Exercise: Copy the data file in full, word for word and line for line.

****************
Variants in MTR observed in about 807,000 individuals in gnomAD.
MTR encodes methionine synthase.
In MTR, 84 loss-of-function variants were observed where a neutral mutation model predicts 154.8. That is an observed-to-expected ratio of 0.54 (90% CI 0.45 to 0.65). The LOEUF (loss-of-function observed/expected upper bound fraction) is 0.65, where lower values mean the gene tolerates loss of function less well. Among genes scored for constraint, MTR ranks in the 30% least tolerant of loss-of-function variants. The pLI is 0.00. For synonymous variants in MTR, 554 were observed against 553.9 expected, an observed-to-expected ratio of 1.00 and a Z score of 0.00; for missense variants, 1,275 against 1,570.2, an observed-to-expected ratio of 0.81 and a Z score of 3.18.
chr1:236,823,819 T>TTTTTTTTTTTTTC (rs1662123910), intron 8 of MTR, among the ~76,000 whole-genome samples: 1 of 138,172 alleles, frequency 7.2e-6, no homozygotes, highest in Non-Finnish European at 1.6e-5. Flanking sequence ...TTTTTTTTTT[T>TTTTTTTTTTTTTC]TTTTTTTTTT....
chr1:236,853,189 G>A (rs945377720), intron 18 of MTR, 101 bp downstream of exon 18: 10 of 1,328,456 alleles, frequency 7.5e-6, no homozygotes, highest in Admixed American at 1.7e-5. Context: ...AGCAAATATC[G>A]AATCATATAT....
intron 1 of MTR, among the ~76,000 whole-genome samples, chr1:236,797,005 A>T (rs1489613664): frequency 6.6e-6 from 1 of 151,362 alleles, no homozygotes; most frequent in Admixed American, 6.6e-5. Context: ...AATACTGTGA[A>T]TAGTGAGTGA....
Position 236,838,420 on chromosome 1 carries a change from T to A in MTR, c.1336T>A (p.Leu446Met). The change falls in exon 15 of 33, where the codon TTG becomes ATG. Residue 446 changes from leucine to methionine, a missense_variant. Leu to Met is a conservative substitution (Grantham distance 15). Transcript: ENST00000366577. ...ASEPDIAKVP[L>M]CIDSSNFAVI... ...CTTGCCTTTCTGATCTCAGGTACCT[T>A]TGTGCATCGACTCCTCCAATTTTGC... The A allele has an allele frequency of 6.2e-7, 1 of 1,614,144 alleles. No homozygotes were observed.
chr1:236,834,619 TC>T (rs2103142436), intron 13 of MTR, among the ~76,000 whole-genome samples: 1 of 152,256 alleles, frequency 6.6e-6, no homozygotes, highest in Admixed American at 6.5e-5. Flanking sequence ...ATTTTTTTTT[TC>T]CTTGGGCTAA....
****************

Variants in MTR observed in about 807,000 individuals in gnomAD.
MTR encodes methionine synthase.
In MTR, 84 loss-of-function variants were observed where a neutral mutation model predicts 154.8. That is an observed-to-expected ratio of 0.54 (90% CI 0.45 to 0.65). The LOEUF (loss-of-function observed/expected upper bound fraction) is 0.65, where lower values mean the gene tolerates loss of function less well. Among genes scored for constraint, MTR ranks in the 30% least tolerant of loss-of-function variants. The pLI is 0.00. For synonymous variants in MTR, 554 were observed against 553.9 expected, an observed-to-expected ratio of 1.00 and a Z score of 0.00; for missense variants, 1,275 against 1,570.2, an observed-to-expected ratio of 0.81 and a Z score of 3.18.
chr1:236,823,819 T>TTTTTTTTTTTTTC (rs1662123910), intron 8 of MTR, among the ~76,000 whole-genome samples: 1 of 138,172 alleles, frequency 7.2e-6, no homozygotes, highest in Non-Finnish European at 1.6e-5. Flanking sequence ...TTTTTTTTTT[T>TTTTTTTTTTTTTC]TTTTTTTTTT....
chr1:236,853,189 G>A (rs945377720), intron 18 of MTR, 101 bp downstream of exon 18: 10 of 1,328,456 alleles, frequency 7.5e-6, no homozygotes, highest in Admixed American at 1.7e-5. Context: ...AGCAAATATC[G>A]AATCATATAT....
intron 1 of MTR, among the ~76,000 whole-genome samples, chr1:236,797,005 A>T (rs1489613664): frequency 6.6e-6 from 1 of 151,362 alleles, no homozygotes; most frequent in Admixed American, 6.6e-5. Context: ...AATACTGTGA[A>T]TAGTGAGTGA....
Position 236,838,420 on chromosome 1 carries a change from T to A in MTR, c.1336T>A (p.Leu446Met). The change falls in exon 15 of 33, where the codon TTG becomes ATG. Residue 446 changes from leucine to methionine, a missense_variant. Leu to Met is a conservative substitution (Grantham distance 15). Transcript: ENST00000366577. ...ASEPDIAKVP[L>M]CIDSSNFAVI... ...CTTGCCTTTCTGATCTCAGGTACCT[T>A]TGTGCATCGACTCCTCCAATTTTGC... The A allele has an allele frequency of 6.2e-7, 1 of 1,614,144 alleles. No homozygotes were observed.
chr1:236,834,619 TC>T (rs2103142436), intron 13 of MTR, among the ~76,000 whole-genome samples: 1 of 152,256 alleles, frequency 6.6e-6, no homozygotes, highest in Admixed American at 6.5e-5. Flanking sequence ...ATTTTTTTTT[TC>T]CTTGGGCTAA....